On October 2014, we examined 132 villagers, and found that 37 out of 132 people were suspected to have severe mercury intoxication similar to Minamata Disease. Local Action Plan to eliminate mercury and formalisation of the activities is underway and health measures are being developed together with all stakeholders.

 

Paper 3: Communicable disease – the case of Dengue in ASEAN: an ASEAN solution

Soobitha Subenthiran
Institute of Medical Research, Malaysia
soobitha@imr.gov.my

Dengue has become a global threat with more than 400 million cases reported annually around the world. Almost 40% of the global population live at risk of infection. As there are no specific antiviral drugs available scientist are exploring the options of using alternative therapies in the management of dengue. Papaya leaves have long been used as a traditional food and for the treatment of numerous diseases including dengue among the Asian population. An open labelled randomized controlled trial was carried out on dengue patients with and without warning signs. Patients were given 30 mls of pure Carica papaya leaf juice (CPLJ) of the Sekaki variety, once daily for 3 consecutive days and compared with a controlled group of patients who received the standard management. Their full blood count was monitored 8 hourly for 48 hours and gene expression studies conducted on the samples taken on the 3rd day of treatment. The mean increase in platelet counts were compared in both the groups using repeated measure ANOVA. There was a significant increase in mean platelet count in the interventional group (p < 0.001) but not in the control group at 40 hours since the administration of the first dose of the juice. The ALOX 12 (FC = 15.00) and PTAFR (FC = 13.42) genes were highly expressed determined using the comparative critical threshold analysis, while an accelerated defervescence of fever (p = 0.02) was determined using chi square statistics among those who received CPLJ when compared with the controls.   Paper 4: Over- and under-controlled diabetes in a Malaysian health and demographic surveillance site: Likely implications for middle income country health systems.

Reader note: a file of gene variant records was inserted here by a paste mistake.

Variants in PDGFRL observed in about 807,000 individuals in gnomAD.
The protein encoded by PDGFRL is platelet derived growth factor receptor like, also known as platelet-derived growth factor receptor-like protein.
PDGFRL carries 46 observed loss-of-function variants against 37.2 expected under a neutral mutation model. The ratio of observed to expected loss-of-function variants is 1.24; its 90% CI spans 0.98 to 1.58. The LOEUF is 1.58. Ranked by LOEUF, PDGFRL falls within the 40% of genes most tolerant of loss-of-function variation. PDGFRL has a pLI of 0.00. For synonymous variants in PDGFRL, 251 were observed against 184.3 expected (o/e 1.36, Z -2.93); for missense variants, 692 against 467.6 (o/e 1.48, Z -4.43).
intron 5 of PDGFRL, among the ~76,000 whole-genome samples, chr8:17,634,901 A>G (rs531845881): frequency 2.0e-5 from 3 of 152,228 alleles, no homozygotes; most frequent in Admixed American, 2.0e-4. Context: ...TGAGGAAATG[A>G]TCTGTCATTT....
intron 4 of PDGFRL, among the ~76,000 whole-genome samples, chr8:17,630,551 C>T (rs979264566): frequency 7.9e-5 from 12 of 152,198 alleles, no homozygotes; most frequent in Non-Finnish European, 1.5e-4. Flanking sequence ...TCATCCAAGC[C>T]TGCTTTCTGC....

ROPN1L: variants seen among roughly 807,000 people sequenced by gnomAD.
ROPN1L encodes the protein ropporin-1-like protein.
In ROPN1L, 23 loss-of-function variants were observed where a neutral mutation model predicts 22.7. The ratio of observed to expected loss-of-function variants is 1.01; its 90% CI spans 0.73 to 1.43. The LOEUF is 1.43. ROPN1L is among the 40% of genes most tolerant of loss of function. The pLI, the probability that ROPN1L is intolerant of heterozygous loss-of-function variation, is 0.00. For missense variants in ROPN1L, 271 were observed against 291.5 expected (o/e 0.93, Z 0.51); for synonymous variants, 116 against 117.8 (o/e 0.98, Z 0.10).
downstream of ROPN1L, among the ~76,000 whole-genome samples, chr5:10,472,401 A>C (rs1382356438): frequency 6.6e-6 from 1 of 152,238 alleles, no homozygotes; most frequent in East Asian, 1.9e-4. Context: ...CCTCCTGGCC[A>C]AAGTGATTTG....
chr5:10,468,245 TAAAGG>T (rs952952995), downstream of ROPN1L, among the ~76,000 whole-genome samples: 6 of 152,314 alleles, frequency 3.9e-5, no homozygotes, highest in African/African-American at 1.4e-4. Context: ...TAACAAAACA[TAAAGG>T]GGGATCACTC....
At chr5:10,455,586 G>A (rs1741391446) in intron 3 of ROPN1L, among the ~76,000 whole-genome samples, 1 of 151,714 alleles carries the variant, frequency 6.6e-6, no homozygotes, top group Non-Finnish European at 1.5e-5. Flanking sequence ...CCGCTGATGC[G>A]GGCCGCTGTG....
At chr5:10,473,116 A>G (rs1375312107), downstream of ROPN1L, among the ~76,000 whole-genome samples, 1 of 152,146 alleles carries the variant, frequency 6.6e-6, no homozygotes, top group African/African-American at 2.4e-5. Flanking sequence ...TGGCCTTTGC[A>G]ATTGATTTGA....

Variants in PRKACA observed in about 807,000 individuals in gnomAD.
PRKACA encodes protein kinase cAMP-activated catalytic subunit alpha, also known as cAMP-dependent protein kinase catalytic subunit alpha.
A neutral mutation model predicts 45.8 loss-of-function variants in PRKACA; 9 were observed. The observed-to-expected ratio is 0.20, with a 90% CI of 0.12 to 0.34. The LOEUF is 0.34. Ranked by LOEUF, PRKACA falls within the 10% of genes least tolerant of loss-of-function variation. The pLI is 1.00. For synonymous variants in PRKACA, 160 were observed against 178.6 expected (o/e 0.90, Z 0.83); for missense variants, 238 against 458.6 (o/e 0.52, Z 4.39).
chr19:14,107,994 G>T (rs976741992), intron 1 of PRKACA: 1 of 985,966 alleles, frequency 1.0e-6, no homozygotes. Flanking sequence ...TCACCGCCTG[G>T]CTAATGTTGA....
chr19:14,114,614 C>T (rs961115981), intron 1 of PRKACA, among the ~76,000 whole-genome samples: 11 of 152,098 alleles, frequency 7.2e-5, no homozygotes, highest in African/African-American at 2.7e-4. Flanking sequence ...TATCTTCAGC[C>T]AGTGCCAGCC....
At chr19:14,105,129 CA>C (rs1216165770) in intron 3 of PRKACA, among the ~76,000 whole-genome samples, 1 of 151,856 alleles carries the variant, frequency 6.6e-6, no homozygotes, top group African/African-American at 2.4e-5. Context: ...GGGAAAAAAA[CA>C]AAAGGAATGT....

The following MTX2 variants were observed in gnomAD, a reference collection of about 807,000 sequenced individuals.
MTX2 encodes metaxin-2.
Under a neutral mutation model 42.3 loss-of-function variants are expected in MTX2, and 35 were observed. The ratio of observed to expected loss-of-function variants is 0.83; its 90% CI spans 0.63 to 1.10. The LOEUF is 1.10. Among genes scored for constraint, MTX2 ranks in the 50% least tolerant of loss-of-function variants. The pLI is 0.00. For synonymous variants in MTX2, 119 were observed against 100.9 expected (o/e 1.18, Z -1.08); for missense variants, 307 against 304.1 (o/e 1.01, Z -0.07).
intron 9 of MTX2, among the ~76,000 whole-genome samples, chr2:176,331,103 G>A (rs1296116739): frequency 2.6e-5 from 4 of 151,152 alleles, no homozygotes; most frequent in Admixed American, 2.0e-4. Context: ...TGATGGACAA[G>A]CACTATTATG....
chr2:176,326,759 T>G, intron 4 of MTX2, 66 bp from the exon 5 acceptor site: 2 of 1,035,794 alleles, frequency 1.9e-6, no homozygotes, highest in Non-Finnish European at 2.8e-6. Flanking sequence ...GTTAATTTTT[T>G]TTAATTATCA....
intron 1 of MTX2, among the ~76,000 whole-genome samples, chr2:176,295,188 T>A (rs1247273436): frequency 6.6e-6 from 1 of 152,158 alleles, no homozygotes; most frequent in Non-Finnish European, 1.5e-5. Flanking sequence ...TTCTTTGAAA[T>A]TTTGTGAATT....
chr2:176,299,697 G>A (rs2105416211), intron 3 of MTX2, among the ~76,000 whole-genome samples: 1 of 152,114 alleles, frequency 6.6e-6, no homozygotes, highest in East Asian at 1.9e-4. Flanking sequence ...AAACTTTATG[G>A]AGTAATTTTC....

Pascale Allotey & Daniel Reidpath
Monash University Malaysia
pascale.allotey@monash.edudaniel.reidpath@monash.edu

It is now regarded as a notorious fact that middle income countries are facing a substantial and un-manageable growth in non-communicable diseases, with type 2 diabetes being one of the most important chronic disease.  Much of the focus in the middle income country context has been on undiagnosed diabetes.  Relatively little is known, however, about the management of diabetes in people with known type 2 diabetes.  Using data from the South East Asia Community Observatory (SEACO), a health and demographic surveillance site (HDSS) in peninsular Malaysia, we examine the issue of over and under controlled diabetes.  During a household health screening round we identified around 1,800 people with diabetes, of whom around half had under-controlled diabetes and about 15% had over-controlled diabetes.  We discuss the implication of over-and under-controlled diabetes, and use a series of simulations to discuss the likely implications for the wider health system.